DigitalStorm BlackOps: Almost Too Fastby Dustin Sklavos on December 29, 2010 12:45 AM EST
Introducing the DigitalStorm BlackOps
I'll cut to the chase: the DigitalStorm BlackOps desktop we were sent for review is a hell of a lot of computer. How much computer is it? It's enough that when the FedEx guy arrived, he actually needed my help getting the box into my apartment. The tower, not to mention the box it came in, is huge, extremely heavy, and contains the most horsepower I've ever seen firsthand in a computer. The BlackOps configuration we were furnished with isn't the most ridiculous build you could assemble these days, but it's well past the point of reason. So how is it specced?
|DigitalStorm BlackOps Assassin Edition Specifications|
Intel Core i7-950 @ 3.84GHz (160MHz Bclk with x24 multiplier)
(spec: 4x3.06GHz, 45nm, 8MB L3, 130W)
|Motherboard||eVGA X58 FTW3 Edition Motherboard with X58 chipset|
|Memory||3x2GB A-Data DDR3-1600 @ 1600MHz (expandable to 24GB)|
2 x eVGA NVIDIA GeForce GTX 580 1536MB GDDR5 in SLI
(512 CUDA Cores, 772/1544MHz Core/Shader, 4GHz RAM, 384-bit memory bus)
Corsair Force 120GB SSD (OS drive)
Western Digital Caviar Black 1TB 7200RPM SATA 6Gbps (Data drive)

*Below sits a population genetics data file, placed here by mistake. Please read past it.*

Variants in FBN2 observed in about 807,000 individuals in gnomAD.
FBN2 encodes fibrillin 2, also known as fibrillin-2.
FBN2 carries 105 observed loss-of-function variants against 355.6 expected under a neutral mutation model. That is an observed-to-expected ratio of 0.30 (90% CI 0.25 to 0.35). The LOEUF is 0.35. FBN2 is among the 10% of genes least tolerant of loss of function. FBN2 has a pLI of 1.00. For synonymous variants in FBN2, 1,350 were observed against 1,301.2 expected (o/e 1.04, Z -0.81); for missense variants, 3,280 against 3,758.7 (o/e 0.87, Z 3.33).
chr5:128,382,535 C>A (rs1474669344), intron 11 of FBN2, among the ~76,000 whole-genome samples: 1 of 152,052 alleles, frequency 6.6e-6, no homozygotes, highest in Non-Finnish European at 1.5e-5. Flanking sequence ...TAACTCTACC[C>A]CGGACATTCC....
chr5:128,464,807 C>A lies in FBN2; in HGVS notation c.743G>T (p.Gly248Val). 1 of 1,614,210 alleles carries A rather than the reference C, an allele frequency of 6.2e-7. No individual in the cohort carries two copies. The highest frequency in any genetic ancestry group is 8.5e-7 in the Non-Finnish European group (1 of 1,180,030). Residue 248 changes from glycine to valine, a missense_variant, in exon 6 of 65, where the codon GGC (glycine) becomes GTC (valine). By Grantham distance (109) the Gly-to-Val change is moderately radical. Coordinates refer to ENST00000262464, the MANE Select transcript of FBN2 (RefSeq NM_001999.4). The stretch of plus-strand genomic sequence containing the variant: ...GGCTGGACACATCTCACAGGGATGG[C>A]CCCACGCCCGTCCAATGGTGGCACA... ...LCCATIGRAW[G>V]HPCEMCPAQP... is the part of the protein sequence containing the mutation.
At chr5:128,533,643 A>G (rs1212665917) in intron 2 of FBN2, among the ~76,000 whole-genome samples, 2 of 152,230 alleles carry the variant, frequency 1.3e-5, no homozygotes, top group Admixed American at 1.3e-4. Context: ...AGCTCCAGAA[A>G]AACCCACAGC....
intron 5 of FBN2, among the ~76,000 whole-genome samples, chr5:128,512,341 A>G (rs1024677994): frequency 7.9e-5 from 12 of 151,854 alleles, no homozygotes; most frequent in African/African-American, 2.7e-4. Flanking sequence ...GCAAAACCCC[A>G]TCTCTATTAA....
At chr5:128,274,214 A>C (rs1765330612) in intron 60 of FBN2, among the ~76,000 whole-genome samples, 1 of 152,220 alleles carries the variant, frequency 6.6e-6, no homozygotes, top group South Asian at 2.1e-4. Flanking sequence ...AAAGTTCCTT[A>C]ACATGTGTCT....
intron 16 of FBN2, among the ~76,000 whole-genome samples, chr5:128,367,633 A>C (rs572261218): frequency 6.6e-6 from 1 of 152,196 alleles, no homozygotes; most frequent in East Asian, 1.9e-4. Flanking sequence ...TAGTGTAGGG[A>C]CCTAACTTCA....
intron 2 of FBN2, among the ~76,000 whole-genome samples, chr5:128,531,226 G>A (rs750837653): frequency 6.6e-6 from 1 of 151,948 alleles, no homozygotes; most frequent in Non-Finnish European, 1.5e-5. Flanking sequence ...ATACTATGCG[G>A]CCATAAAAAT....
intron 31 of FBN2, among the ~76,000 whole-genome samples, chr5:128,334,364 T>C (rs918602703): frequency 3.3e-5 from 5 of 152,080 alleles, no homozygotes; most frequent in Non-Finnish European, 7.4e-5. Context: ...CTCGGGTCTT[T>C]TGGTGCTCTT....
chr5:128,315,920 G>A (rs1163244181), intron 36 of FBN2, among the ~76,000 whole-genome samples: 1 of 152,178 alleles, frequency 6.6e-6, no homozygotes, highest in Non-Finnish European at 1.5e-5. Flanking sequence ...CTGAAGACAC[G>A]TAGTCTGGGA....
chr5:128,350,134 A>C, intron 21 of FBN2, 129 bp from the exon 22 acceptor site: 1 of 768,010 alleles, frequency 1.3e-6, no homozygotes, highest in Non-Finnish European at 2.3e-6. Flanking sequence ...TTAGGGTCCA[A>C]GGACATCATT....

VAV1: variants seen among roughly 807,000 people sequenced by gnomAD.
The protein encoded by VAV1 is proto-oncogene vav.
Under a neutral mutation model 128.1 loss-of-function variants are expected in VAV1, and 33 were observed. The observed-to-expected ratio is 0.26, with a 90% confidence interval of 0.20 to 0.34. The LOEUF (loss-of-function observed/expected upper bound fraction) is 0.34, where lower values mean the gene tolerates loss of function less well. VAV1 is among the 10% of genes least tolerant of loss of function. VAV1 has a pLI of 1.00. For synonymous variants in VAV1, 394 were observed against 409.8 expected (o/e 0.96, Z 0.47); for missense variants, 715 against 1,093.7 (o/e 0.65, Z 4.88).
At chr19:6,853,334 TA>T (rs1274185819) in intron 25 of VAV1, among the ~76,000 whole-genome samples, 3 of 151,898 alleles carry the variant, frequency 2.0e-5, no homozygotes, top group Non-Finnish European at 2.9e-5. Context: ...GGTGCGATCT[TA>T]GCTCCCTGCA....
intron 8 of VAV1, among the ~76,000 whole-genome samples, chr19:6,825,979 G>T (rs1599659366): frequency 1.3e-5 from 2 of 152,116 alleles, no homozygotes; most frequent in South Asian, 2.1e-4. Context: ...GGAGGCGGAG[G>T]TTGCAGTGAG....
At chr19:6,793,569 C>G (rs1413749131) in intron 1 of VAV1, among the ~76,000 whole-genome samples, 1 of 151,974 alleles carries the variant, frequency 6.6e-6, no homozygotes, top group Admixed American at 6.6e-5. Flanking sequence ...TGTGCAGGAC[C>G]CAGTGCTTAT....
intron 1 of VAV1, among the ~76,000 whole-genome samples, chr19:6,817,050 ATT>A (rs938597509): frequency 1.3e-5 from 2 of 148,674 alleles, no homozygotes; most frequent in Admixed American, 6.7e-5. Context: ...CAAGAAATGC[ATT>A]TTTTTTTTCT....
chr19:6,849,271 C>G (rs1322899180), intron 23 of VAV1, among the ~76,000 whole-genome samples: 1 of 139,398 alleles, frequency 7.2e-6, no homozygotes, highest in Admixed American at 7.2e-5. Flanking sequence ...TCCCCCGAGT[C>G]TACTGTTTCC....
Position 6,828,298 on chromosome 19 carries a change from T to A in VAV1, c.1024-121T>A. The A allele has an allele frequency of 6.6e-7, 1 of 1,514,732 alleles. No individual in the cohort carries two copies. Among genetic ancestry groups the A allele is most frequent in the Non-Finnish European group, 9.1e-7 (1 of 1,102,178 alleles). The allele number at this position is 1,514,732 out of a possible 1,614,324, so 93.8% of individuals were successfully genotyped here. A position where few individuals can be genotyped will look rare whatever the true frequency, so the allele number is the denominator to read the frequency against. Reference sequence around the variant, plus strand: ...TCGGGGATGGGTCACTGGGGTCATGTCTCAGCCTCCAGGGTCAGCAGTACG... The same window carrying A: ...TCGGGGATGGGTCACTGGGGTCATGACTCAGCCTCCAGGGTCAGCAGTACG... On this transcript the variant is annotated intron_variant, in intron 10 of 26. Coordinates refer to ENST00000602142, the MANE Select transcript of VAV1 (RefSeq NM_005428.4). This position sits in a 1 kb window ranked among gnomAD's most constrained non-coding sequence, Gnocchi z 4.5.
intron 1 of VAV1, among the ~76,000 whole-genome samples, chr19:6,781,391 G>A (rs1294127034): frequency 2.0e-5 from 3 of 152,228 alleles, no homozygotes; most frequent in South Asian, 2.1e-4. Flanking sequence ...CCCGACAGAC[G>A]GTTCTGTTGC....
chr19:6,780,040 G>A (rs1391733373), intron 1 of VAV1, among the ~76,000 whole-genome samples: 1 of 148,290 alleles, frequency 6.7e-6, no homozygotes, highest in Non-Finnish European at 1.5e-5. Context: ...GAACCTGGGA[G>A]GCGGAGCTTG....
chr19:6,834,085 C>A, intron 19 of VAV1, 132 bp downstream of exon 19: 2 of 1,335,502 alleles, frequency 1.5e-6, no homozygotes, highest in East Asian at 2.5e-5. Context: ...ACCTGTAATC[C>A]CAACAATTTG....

|Networking||Dual Realtek Gigabit Ethernet|
Realtek ALC892 HD Audio
Speaker, mic, line-in, and surround jacks for 7.1 sound
2x USB 2.0 (case)
Headphone and mic jacks (case)
Power and reset buttons (case)
6x USB 2.0
2x USB 3.0 (blue)
Speaker, mic, line-in, and surround jacks
|Operating System||Windows 7 Home Premium 64-bit|
|Dimensions||19.57" x 24.25" x 8.35" (WxDxH)|
|Weight||33.1 lbs (case only)|
1200W Power Supply
Corsair H70 Liquid Cooling
SilverStone Fortress Case
Switchable white illumination
Flash reader (MMC/MS/CF/SD)
Overclocked from warehouse
|Warranty||3-year limited warranty and lifetime phone support|
Quoted Price: $3,624
Price as configured (12/23/2010): $3,519
If anything, the configuration for the pricetag is almost a little underwhelming, but let's unpack that a bit and see what we're really paying for. The big ticket items are the processor, the SSD, the pair of eVGA GeForce GTX 580s, and the case and power supply.
The Intel Core i7-950 we have on hand has been overclocked to 3.84GHz using a 160MHz Bclk with a x24 multiplier, effectively identical to the CyberPower Gamer Xtreme 8500 we tested recently which used a Core i7-875K with the same clocks. The 950, on the other hand, should benefit some from having access to triple-channel memory and a motherboard with dual x16 slots. Theoretically this should be the fastest processor we've ever tested in a desktop review unit. That triple-channel memory controller is being fed by 6GB of DDR3-1600, courtesy of A-Data, and everything's plugged into eVGA's X58 FTW3 Edition motherboard.